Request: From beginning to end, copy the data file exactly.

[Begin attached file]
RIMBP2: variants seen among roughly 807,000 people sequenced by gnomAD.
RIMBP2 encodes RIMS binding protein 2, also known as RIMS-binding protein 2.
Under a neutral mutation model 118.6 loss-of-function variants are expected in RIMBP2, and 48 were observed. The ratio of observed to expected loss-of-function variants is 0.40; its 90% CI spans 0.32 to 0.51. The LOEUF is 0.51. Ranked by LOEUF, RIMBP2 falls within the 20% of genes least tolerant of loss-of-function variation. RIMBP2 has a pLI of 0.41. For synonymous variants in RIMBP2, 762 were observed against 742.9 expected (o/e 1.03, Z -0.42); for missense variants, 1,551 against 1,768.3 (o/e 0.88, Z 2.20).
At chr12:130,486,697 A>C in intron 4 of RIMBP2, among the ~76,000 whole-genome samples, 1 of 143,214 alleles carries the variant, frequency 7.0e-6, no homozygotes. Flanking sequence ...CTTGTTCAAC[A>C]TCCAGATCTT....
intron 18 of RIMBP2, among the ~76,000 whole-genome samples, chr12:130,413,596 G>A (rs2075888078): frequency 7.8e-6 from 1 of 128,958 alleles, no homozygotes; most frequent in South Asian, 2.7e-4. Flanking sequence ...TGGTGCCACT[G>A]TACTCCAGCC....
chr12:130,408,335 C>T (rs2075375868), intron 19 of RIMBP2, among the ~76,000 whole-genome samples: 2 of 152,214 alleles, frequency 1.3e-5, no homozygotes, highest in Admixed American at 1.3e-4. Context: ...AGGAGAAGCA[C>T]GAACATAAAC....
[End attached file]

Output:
RIMBP2: variants seen among roughly 807,000 people sequenced by gnomAD.
RIMBP2 encodes RIMS binding protein 2, also known as RIMS-binding protein 2.
Under a neutral mutation model 118.6 loss-of-function variants are expected in RIMBP2, and 48 were observed. The ratio of observed to expected loss-of-function variants is 0.40; its 90% CI spans 0.32 to 0.51. The LOEUF is 0.51. Ranked by LOEUF, RIMBP2 falls within the 20% of genes least tolerant of loss-of-function variation. RIMBP2 has a pLI of 0.41. For synonymous variants in RIMBP2, 762 were observed against 742.9 expected (o/e 1.03, Z -0.42); for missense variants, 1,551 against 1,768.3 (o/e 0.88, Z 2.20).
At chr12:130,486,697 A>C in intron 4 of RIMBP2, among the ~76,000 whole-genome samples, 1 of 143,214 alleles carries the variant, frequency 7.0e-6, no homozygotes. Flanking sequence ...CTTGTTCAAC[A>C]TCCAGATCTT....
intron 18 of RIMBP2, among the ~76,000 whole-genome samples, chr12:130,413,596 G>A (rs2075888078): frequency 7.8e-6 from 1 of 128,958 alleles, no homozygotes; most frequent in South Asian, 2.7e-4. Flanking sequence ...TGGTGCCACT[G>A]TACTCCAGCC....
chr12:130,408,335 C>T (rs2075375868), intron 19 of RIMBP2, among the ~76,000 whole-genome samples: 2 of 152,214 alleles, frequency 1.3e-5, no homozygotes, highest in Admixed American at 1.3e-4. Context: ...AGGAGAAGCA[C>T]GAACATAAAC....